It was 1985. It had rained solidly all week in Scottburgh. A three day drizzle was accepted as the norm in this coastal town of Natal, South Africa, where, ofcourse, water had an escape route. Across the bridge was the road to Durban.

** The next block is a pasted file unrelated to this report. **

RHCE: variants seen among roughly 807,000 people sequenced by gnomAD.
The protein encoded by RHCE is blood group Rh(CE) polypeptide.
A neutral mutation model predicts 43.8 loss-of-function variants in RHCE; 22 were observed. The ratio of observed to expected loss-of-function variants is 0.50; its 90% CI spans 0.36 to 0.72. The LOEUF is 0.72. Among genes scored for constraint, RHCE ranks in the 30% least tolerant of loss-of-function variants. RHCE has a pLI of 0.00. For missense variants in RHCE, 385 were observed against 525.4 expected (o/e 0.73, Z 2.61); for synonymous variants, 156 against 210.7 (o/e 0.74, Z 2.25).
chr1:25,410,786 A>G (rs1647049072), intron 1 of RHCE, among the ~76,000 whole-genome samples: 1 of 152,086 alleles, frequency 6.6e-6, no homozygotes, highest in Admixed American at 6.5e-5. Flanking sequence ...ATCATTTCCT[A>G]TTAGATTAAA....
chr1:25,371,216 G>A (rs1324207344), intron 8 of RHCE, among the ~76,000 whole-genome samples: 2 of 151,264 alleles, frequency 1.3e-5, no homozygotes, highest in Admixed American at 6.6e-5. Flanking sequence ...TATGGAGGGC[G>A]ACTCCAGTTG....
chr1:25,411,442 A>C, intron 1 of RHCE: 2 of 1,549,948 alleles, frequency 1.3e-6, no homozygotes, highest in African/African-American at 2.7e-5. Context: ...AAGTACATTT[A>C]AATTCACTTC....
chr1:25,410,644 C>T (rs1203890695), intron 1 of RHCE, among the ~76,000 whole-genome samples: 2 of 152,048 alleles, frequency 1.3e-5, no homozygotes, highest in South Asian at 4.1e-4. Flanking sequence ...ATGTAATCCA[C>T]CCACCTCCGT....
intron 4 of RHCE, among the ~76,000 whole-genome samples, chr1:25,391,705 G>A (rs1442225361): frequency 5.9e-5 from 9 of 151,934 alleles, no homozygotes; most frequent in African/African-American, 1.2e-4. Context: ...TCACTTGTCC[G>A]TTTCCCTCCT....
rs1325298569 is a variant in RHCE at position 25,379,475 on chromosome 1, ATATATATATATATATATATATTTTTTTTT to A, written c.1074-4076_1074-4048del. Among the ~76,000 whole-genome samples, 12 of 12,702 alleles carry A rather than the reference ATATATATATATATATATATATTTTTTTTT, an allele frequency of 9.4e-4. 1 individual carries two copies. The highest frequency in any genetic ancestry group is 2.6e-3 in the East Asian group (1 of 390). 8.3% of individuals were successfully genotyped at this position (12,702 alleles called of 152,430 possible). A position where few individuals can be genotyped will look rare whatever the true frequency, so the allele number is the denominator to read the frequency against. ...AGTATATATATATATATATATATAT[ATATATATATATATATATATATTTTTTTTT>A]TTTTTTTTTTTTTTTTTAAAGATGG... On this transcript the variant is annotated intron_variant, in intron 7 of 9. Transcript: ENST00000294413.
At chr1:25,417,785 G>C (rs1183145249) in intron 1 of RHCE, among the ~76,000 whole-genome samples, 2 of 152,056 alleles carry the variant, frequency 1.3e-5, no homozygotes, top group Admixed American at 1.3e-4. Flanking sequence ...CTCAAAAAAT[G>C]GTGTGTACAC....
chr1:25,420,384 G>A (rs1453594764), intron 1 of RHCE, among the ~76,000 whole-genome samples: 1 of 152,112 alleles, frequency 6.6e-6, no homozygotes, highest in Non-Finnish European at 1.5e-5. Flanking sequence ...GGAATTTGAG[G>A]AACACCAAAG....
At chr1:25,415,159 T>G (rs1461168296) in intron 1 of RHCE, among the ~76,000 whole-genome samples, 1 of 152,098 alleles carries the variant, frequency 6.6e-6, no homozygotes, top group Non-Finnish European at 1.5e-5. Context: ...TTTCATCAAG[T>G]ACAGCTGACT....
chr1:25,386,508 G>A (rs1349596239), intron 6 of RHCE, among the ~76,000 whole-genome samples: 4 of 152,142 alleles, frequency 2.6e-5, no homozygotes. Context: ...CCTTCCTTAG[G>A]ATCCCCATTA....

No one fretted. Rumour had it that inland, up river, it also rained and livestock were in danger. By evening the rain turned the road into a river.
We slept. In the morning our bridge was gone; large chunks of concrete stuck up out of the beach near the sea; along with debris, common in a flood. Our lives controlled by the water God.